- This is also the last episode to feature Dr. Katherine Pulaski. For Season 3 onward, Dr. Beverly Crusher returns to her duties on the Enterprise.
- This episode is thought to be one of the worst ever made. Maurice Hurley, who co-wrote the episode, commented, "Piece of shit. It was supposed to be a bottle show. Terrible, just terrible, and a way to save some money. I was on the way out the door." (Captains' Logs: The Unauthorized Complete Trek Voyages)
- In 2012, Peter Lauritson recalled the episode, saying "It was just… we learned from that. I think, probably the worst we ever did. It was like "Never again." "Shades"… I don't even want to remember it." Likewise, David Livingston also commented "It's very cheesy and the fans didn't like it. We didn't like doing it, but Paramount said "Hey, you gotta save us some money."" (TNG Season 2 Blu-ray, "Strange New Worlds" special feature)
- Ronald D. Moore called it "embarrassing", listing it along with "Up The Long Ladder" as the worst episodes in the series. (AOL chat, 1997)
- Director Rob Bowman recalls, "'Shades of Gray' was basically a money-saving episode. All we shot was three days of framework and they just stuck in flashbacks. That's all it was." ("Rob Bowman – Director of a Dozen", The Official Star Trek: The Next Generation Magazine issue 10, p. 20)
- A mission report for this episode by Robert Greenberger was published in The Official Star Trek: The Next Generation Magazine issue 9, pp. 65-66.
Video and DVD releases Edit
- Original UK VHS release (two-episode tapes, CIC Video): Volume 24, catalog number VHR 2507, 7 October 1991
- UK re-release (three-episode tapes, Paramount Home Entertainment): Volume 2.7, catalog number VHR 4743, 5 July 1999
- As part of the TNG Season 2 DVD collection
- As part of the TNG Season 2 Blu-ray collection
Links and references Edit
Also starring Edit
- LeVar Burton as Lt. Geordi La Forge
- Marina Sirtis as Counselor Deanna Troi
- Brent Spiner as Lt. Commander Data
Special appearance by Edit
Guest star Edit
Uncredited co-stars Edit
- James G. Becker – stand-in for Jonathan Frakes
- Darrell Burris – stand-in for LeVar Burton
- Jeffrey Deacon – stand-in for Patrick Stewart
- Nora Leonhardt – stand-in for Marina Sirtis
- Tim McCormack – stand-in for Brent Spiner
Flashback appearances Edit
- Vaughn Armstrong as Korris ("Heart of Glory")
- Brenda Bakke as Rivan ("Justice")
- Robert Bauer as Kunivas ("Heart of Glory")
- James G. Becker as Youngblood ("Heart of Glory")
- Ron Brown as drummer ("11001001")
- LeVar Burton as Geordi La Forge ("Heart of Glory")
- Merritt Butrick as T'Jon ("Symbiosis")
- Christopher Collins as Kargan ("A Matter Of Honor")
- Ward Costello as Gregory Quinn ("Conspiracy")
- Steven Craig as Edo ("Justice")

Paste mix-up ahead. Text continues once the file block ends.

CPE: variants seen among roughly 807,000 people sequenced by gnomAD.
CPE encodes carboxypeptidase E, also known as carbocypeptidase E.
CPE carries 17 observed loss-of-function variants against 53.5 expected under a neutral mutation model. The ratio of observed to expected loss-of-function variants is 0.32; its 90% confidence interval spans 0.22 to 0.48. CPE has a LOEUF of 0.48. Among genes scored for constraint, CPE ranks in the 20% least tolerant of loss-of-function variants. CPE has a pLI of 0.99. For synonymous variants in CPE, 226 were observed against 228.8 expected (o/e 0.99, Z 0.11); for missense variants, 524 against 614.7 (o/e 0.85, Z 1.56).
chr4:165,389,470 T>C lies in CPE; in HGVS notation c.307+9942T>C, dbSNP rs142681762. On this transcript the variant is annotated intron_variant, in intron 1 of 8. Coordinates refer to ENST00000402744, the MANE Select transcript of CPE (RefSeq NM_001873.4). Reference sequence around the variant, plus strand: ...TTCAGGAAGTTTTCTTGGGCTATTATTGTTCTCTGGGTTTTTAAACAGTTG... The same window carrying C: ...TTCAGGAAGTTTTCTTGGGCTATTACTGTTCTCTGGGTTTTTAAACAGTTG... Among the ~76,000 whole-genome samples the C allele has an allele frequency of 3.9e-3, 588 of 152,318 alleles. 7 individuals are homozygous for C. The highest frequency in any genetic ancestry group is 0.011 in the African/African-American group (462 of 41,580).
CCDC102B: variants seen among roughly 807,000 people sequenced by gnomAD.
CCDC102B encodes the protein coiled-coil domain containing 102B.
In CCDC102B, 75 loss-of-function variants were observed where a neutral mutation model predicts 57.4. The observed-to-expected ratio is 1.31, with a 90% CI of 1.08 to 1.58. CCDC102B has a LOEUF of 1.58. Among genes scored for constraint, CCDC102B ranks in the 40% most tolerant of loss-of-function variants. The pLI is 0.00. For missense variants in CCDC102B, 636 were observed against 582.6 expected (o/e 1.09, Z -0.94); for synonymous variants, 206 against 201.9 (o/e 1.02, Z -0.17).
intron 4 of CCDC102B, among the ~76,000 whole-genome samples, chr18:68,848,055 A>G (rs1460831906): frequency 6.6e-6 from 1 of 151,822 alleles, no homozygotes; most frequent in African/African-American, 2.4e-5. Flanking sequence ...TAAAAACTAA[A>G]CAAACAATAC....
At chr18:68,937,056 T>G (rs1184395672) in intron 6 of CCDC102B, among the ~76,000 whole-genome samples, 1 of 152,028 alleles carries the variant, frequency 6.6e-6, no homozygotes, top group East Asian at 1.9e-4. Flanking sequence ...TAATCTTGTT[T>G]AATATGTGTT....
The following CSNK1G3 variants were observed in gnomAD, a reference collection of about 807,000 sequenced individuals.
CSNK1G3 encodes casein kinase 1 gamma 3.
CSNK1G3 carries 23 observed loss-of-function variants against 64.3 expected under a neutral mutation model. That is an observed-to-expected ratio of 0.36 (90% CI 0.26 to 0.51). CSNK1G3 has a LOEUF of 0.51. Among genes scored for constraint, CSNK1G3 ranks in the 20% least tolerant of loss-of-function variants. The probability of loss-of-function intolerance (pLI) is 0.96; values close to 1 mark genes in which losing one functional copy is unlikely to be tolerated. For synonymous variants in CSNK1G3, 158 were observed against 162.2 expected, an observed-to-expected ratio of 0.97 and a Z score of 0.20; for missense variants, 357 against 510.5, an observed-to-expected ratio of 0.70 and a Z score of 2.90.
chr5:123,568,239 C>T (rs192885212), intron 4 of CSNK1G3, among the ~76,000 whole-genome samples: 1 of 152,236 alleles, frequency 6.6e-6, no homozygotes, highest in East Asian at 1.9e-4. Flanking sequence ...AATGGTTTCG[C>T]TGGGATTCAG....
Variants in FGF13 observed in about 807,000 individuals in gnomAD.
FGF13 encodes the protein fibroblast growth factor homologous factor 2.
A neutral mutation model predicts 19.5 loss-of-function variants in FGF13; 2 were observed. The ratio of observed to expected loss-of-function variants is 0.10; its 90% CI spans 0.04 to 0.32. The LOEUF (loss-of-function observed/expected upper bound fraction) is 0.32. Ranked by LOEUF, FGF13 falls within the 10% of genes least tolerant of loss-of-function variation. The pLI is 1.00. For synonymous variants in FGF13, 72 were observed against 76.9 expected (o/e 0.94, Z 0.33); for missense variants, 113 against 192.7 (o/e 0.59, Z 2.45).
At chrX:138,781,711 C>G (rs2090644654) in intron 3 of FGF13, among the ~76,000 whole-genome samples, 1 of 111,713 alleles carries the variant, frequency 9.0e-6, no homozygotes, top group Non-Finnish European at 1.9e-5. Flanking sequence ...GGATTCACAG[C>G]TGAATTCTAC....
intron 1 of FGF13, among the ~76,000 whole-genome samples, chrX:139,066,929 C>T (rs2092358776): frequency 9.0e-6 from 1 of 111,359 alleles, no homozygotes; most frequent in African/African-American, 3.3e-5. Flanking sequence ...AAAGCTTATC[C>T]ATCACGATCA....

- Denise Crosby as Natasha Yar ("Justice")
- Jeffrey Deacon as command division officer ("Heart of Glory")
- Jake Dengel as Mordoc ("The Last Outpost")
- Michael Dorn as Worf ("Justice")
- Abdul Salaam El Razzac as bass player ("11001001")
- Dana Dru Evenson as stunt double for Denise Crosby ("Skin of Evil")
- Jonathan Frakes as William T. Riker ("Encounter at Farpoint", TNG: "Heart of Glory", "Symbiosis", "Skin of Evil", "Conspiracy", "The Child", TNG: "A Matter Of Honor", "The Dauphin", "The Icarus Factor", "Up The Long Ladder")
- Ron Gans as voice of Armus ("Skin of Evil")
- John Garrett as Lieutenant ("Loud As A Whisper")
- Whoopi Goldberg as Guinan ("The Dauphin")
- Charles H. Hyman as Konmel ("Heart of Glory")
- Dan Koko as stunt double for Jonathan Frakes ("A Matter Of Honor")
- Rosalyn Landor as Brenna Odell ("Up The Long Ladder")
- Iva Lane as Zero Zero ("11001001")
- Richard Lavin as Warrior #1 ("Loud As A Whisper")
- Richard Lineback as Romas ("Symbiosis")
- Jay Louden as Liator ("Justice")
- Mart McChesney as Armus ("Skin of Evil")
- Tim McCormack as Bennett ("Skin of Evil")
- Carolyn McCormick as Minuet ("11001001")
- Gates McFadden as Beverly Crusher ("Symbiosis")
- Kelli Ann McNally as One One ("11001001")
- Karen Montgomery as Beata ("Angel One")
- Tom Morga as stunt double for Jonathan Frakes ("Skin of Evil")
- Gary Morgan as stunt double for Tracey Walter ("The Last Outpost")
- Diana Muldaur as Katherine Pulaski ("The Child")
- Randy Pflug as Ten Forward waiter ("The Dauphin")
- Brad Phillips as Edo ("Justice")
- Ray Reinhardt as Aaron ("Conspiracy")
- Robert Schenkkan as Dexter Remmick ("Conspiracy")
- Tricia Sheldon as Edo ("Justice")
- Armin Shimerman as Letek ("The Last Outpost")
- Marina Sirtis as Deanna Troi ("Justice")
- Brent Spiner as Data ("Encounter at Farpoint")
- Brian Sterling as Edo ("Justice")
- Patrick Stewart as Jean-Luc Picard ("11001001")
- Brian Thompson as Klag ("A Matter Of Honor")
- Tracey Walter as Kayron ("The Last Outpost")
- Wil Wheaton as Wesley Crusher ("The Dauphin")
- R.J. Williams as Ian Troi ("The Child")
- Unknown actors as
- Unknown stunt performers as
admiral; autonomic nervous system; bacteria; biofilter; blood pressure; brain; calf; composite neural profile; coordinates; EEG; endorphin; exobiology; faking it; fossil; fossilization; geological sweep/geological survey; graveyard; heart; imzadi; irregular heartbeat; kilometer; leg; line; medical tricorder; Milky Way Galaxy; millennia; milligram; nervous system; neuron; number one; numbness; patient; Pinocchio; probability mechanics; promotion; pulse; rattlesnake; REM sleep; respiration; Riker's great-grandfather; rhizomatous; sciatic nerve; soul; Surata IV; Surata IV predatory vine; Surata microbe; thorn; transporter; transporter chief; tricorder; tricordrazine; virus
Other references Edit
- Okudagrams: electroencephalography (EEG); Howard, Merri; Julian, Heidi; Metoyer, Robert; Over, Ernie; Overdiek, Diane; Simmons, Adele
- "Shades of Gray" at StarTrek.com, the official Star Trek website
- "Shades of Gray" at Memory Beta, the wiki for licensed Star Trek works
- "Shades of Gray" at Wikipedia
- "Shades of Gray" at MissionLogPodcast.com, a Roddenberry Star Trek podcast